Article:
Baton-wielding riot police have broken up anti-corruption protests and detained hundreds of demonstrators in Moscow and other Russian cities while a court has sentenced opposition leader Alexei Navalny to his second prison term this year.
The protests on Monday, called by Mr Navalny, a strong critic of Russian President Vladimir Putin, drew thousands of people and were some of the biggest in Russia since 2012.
"Russia without Putin" and "Russia will be free" chanted the demonstrators, including many young people, who crowded into central Moscow on a public holiday.
Mr Navalny, who is mounting a long-shot bid to unseat Putin in an election next year, had called for mass protests in Moscow and other cities against official corruption.
The Kremlin has dismissed Mr Navalny's graft allegations, accusing him of irresponsibly trying to whip up unrest.
The scale of the protests in Moscow and smaller ones in St Petersburg and scores of other cities suggests Mr Navalny has maintained his campaign's momentum despite more than 1000 people being arrested after the last such protest in March.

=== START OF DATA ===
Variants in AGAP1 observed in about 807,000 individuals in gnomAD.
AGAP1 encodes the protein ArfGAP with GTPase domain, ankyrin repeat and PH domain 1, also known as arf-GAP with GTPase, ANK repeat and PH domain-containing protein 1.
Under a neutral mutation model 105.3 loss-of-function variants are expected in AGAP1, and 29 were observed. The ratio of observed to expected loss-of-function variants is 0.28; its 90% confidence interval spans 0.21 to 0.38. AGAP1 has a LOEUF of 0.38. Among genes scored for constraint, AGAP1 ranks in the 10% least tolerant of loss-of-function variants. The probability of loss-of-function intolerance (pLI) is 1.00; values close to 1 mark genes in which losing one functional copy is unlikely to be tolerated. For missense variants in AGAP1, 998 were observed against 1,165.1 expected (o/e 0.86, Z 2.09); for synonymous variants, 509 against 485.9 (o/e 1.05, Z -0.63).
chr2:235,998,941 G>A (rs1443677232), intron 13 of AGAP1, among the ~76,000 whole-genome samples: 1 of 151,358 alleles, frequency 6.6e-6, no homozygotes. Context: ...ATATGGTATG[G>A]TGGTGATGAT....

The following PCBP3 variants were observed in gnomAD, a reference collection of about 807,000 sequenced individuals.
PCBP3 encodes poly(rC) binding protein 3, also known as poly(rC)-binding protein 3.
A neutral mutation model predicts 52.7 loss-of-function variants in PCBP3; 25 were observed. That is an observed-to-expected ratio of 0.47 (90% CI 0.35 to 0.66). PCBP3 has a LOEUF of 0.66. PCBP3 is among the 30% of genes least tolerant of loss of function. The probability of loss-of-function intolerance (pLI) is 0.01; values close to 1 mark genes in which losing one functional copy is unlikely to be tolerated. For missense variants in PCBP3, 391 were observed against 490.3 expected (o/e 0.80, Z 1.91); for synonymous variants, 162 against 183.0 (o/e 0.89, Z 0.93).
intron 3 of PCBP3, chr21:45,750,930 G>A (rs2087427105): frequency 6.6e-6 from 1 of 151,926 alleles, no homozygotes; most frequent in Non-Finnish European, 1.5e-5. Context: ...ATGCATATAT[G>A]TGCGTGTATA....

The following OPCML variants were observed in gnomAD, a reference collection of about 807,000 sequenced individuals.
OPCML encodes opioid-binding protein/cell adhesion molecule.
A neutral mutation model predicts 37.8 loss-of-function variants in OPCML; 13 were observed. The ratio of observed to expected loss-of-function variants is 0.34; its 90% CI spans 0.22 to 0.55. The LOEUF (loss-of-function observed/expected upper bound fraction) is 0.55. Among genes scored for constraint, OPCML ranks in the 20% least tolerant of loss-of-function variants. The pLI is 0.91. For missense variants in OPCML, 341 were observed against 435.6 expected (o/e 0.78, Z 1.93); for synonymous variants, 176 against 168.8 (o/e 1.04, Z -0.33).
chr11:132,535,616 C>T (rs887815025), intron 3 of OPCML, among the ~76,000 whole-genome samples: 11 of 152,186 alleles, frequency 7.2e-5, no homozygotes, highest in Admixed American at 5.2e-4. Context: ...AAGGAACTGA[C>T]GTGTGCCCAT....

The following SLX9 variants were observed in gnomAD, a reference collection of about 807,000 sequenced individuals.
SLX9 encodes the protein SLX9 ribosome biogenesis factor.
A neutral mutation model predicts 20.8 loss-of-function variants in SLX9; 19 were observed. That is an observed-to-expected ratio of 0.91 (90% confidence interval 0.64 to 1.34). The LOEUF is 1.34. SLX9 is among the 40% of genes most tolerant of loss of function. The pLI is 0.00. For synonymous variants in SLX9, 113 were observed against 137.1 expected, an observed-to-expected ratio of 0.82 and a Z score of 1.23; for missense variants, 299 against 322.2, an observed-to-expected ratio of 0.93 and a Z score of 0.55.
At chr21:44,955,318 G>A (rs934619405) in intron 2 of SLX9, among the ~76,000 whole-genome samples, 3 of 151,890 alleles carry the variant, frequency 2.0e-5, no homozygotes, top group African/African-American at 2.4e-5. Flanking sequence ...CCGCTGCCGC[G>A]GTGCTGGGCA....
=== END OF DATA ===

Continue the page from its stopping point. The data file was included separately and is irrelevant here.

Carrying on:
That is likely to embolden him to call for more protests and keep Putin, who is expected to run for and win re-election next year, under rare domestic pressure.
"Neither mass detentions nor criminal cases after March 26 (the last protest) worked," wrote Lyubov Sobol, a Navalny ally, on social media. "People are not afraid."
The OVD-Info monitoring group, a non-profit organisation, said preliminary figures showed 730 people had been detained in Moscow. The Interior Ministry said 500 people were detained in St Petersburg.
Mr Navalny's wife, Yulia, said her husband was detained as he tried to leave their home. Reuters witnesses saw a police car leaving his apartment compound at high speed, followed a few minutes later by a minibus carrying about 10 policemen.
Electricity in his office was cut at around the same time as he was detained, briefly bringing down a live feed of the protests, Mr Navalny's spokeswoman said.
At a midnight court hearing, a Russian judge later found Mr Navalny guilty of repeatedly violating the law on organising public meetings and sentenced him to 30 days in prison.
He served a 15-day jail term after the protest in March.